Humans have been using light to communicate for a while now, whether it's reading CDs, sending laser-encoded data back from the International Space Station, or passing dots and dashes along semaphore proto-telegraph networks.
Naturally, we're always wanting to improve the state of the art to make light-based communication faster and able to carry more data. And the latest advance comes courtesy of a team of engineers based at Duke University. The Duke researchers, led by electrical engineering and physics professor Maiken Mikkelsen, have managed to develop fluorescent molecules that are 1,000 times faster than traditional LEDs. This is something that could revolutionize the way we communicate.
LED lightbulbs have already changed the way we light our world. So much so that this year's Nobel Prize for Physics was awarded to the three scientists who invented the blue LED lightbulb: Isamu Akasaki, Hiroshi Amano, and Shuji Nakamura. Red, green, and blue light together create the white light that illuminates our world, but isolating the blue spectrum was a major advancement. Blue uses far less energy than red or green light, leading to more energy-efficient and powerful light sources.
The relatively slow, non-directional emission rate of LED lights, however, has limited their use within high-speed communications.
The Duke team has successfully increased the photon emission rate of fluorescent molecules to a significant degree, taking the first step towards realizing the dream of having superfast LEDs for light-based communication systems.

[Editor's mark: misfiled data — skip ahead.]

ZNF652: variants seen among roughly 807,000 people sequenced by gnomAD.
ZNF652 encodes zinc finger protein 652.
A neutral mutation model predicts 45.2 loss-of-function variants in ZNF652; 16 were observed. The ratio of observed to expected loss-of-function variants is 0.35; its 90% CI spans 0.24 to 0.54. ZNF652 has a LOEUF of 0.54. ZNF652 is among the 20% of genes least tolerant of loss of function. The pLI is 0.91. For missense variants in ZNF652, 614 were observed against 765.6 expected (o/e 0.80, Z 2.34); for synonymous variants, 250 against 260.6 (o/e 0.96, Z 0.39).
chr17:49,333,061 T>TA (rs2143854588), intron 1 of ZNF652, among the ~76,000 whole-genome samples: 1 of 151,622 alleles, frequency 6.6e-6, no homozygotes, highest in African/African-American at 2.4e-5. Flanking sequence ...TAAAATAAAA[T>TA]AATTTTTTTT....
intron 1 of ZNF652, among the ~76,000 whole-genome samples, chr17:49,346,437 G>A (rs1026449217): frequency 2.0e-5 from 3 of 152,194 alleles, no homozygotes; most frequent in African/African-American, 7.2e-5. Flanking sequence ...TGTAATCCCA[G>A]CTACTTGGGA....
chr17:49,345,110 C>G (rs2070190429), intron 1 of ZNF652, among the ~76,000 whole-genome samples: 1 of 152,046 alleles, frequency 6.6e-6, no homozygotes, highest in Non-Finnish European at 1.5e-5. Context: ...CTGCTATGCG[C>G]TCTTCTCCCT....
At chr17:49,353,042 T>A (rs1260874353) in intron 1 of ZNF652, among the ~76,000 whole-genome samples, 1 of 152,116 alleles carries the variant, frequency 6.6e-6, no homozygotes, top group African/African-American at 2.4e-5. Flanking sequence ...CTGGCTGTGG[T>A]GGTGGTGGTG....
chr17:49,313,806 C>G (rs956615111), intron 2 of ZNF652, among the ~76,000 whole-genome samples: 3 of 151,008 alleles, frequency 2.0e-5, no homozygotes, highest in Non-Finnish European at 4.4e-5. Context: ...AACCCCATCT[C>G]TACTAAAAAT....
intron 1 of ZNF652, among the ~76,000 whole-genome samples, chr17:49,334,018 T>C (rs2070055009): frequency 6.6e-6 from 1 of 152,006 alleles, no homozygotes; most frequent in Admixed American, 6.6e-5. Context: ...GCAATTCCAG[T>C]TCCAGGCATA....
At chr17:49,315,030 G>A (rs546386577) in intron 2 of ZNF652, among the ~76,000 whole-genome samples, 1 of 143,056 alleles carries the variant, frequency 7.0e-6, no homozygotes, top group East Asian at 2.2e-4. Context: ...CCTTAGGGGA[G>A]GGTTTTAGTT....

Fluorescent molecules naturally give off light that they have absorbed in the form of electromagnetic radiation. And the molecules give off light in a fixed rate, at least until they're placed near an intensified light source. Proximity to a light excites the molecules and causes them to emit photons at a faster rate, an effect called Purcell enhancement.
Mikkelsen's team's experiment involved harnessed this Purcell effect. They created a plasmonic patch antenna from two silver nanocubes, which basically created a space that trapped the fluorescent molecules and excited them such that they increase the intensity of their light emission. The engineers also tried trapping the fluorescent molecules in a gap between one silver nanocube and a thin gold film.
This second set-up also saw the fluorescent molecules excited enough to move at a faster speed and emit more intense light. When the team tuned the gap's resonant frequency to match the frequency of the color of light that the molecules respond to, they saw an even greater increase in speed.
With everything perfectly calibrated to the fluorescent molecules' frequency, the team saw a thousand-fold increase in fluorescent speed.
The Duke researchers think they can do better. This experiment used randomly-aligned molecules. With more orderly molecules passing between the nanocube and the gold foil, they expect to see even more of an increase in speed.
This might be well and good in a laboratory as a proof-of-concept, but there are some interesting and immediate real-world applications. Faster fluorescence goes beyond more intense LED lights. Precisely placed molecules could lead to fast sources of single photons that would facilitate quantum cryptography.
Encrypted data can be hacked, making it vulnerable and an imperfect way of communicating. But quantum cryptography is an ultra-high speed and, in theory, totally unhackable way to transmit information. These superfast fluorescent molecules might just be the first step towards a world where we don't have to worry about who is handling our data where. We could, someday, live in a brighter and incredibly secure world.